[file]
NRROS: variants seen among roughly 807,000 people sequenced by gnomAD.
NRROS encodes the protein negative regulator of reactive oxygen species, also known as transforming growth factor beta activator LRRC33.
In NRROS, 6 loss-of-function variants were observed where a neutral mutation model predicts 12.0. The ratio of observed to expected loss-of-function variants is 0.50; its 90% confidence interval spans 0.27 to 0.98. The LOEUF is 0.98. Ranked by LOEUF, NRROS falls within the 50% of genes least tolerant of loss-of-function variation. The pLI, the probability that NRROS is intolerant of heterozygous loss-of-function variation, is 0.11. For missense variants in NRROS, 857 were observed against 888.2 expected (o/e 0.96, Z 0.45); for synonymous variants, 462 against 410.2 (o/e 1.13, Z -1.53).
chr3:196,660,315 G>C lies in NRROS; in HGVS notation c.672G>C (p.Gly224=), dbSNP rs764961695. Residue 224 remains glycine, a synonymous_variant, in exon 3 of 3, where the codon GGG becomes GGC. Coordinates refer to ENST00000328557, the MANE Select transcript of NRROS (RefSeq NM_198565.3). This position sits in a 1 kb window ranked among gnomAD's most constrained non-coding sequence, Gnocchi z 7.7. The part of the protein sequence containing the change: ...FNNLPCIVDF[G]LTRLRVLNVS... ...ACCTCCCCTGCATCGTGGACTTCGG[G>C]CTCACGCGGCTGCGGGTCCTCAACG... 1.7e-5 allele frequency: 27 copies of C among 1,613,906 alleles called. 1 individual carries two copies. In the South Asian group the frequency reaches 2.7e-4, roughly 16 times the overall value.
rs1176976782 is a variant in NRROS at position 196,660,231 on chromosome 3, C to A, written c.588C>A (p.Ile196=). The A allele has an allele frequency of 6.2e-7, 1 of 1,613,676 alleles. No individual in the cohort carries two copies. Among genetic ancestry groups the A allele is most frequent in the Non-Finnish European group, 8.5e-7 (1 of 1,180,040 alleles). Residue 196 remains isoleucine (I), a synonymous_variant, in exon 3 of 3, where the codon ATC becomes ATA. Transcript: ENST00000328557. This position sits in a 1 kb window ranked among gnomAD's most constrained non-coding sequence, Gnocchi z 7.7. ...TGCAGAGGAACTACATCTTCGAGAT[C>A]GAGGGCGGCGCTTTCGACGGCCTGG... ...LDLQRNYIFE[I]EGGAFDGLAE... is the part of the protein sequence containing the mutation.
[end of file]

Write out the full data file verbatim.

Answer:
NRROS: variants seen among roughly 807,000 people sequenced by gnomAD.
NRROS encodes the protein negative regulator of reactive oxygen species, also known as transforming growth factor beta activator LRRC33.
In NRROS, 6 loss-of-function variants were observed where a neutral mutation model predicts 12.0. The ratio of observed to expected loss-of-function variants is 0.50; its 90% confidence interval spans 0.27 to 0.98. The LOEUF is 0.98. Ranked by LOEUF, NRROS falls within the 50% of genes least tolerant of loss-of-function variation. The pLI, the probability that NRROS is intolerant of heterozygous loss-of-function variation, is 0.11. For missense variants in NRROS, 857 were observed against 888.2 expected (o/e 0.96, Z 0.45); for synonymous variants, 462 against 410.2 (o/e 1.13, Z -1.53).
chr3:196,660,315 G>C lies in NRROS; in HGVS notation c.672G>C (p.Gly224=), dbSNP rs764961695. Residue 224 remains glycine, a synonymous_variant, in exon 3 of 3, where the codon GGG becomes GGC. Coordinates refer to ENST00000328557, the MANE Select transcript of NRROS (RefSeq NM_198565.3). This position sits in a 1 kb window ranked among gnomAD's most constrained non-coding sequence, Gnocchi z 7.7. The part of the protein sequence containing the change: ...FNNLPCIVDF[G]LTRLRVLNVS... ...ACCTCCCCTGCATCGTGGACTTCGG[G>C]CTCACGCGGCTGCGGGTCCTCAACG... 1.7e-5 allele frequency: 27 copies of C among 1,613,906 alleles called. 1 individual carries two copies. In the South Asian group the frequency reaches 2.7e-4, roughly 16 times the overall value.
rs1176976782 is a variant in NRROS at position 196,660,231 on chromosome 3, C to A, written c.588C>A (p.Ile196=). The A allele has an allele frequency of 6.2e-7, 1 of 1,613,676 alleles. No individual in the cohort carries two copies. Among genetic ancestry groups the A allele is most frequent in the Non-Finnish European group, 8.5e-7 (1 of 1,180,040 alleles). Residue 196 remains isoleucine (I), a synonymous_variant, in exon 3 of 3, where the codon ATC becomes ATA. Transcript: ENST00000328557. This position sits in a 1 kb window ranked among gnomAD's most constrained non-coding sequence, Gnocchi z 7.7. ...TGCAGAGGAACTACATCTTCGAGAT[C>A]GAGGGCGGCGCTTTCGACGGCCTGG... ...LDLQRNYIFE[I]EGGAFDGLAE... is the part of the protein sequence containing the mutation.